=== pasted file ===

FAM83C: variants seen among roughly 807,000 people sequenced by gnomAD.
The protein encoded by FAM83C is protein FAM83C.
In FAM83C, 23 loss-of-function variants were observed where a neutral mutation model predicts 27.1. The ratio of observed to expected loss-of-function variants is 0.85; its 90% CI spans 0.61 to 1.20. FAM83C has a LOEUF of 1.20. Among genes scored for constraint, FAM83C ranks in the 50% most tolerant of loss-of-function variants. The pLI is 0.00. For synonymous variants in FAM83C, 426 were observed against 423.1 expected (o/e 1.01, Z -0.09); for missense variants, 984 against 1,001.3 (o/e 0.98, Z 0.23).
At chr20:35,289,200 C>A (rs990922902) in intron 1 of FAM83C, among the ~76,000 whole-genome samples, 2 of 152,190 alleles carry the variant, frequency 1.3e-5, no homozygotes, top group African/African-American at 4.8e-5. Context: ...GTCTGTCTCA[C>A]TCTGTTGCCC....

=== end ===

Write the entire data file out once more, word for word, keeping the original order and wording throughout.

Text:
FAM83C: variants seen among roughly 807,000 people sequenced by gnomAD.
The protein encoded by FAM83C is protein FAM83C.
In FAM83C, 23 loss-of-function variants were observed where a neutral mutation model predicts 27.1. The ratio of observed to expected loss-of-function variants is 0.85; its 90% CI spans 0.61 to 1.20. FAM83C has a LOEUF of 1.20. Among genes scored for constraint, FAM83C ranks in the 50% most tolerant of loss-of-function variants. The pLI is 0.00. For synonymous variants in FAM83C, 426 were observed against 423.1 expected (o/e 1.01, Z -0.09); for missense variants, 984 against 1,001.3 (o/e 0.98, Z 0.23).
At chr20:35,289,200 C>A (rs990922902) in intron 1 of FAM83C, among the ~76,000 whole-genome samples, 2 of 152,190 alleles carry the variant, frequency 1.3e-5, no homozygotes, top group African/African-American at 4.8e-5. Context: ...GTCTGTCTCA[C>A]TCTGTTGCCC....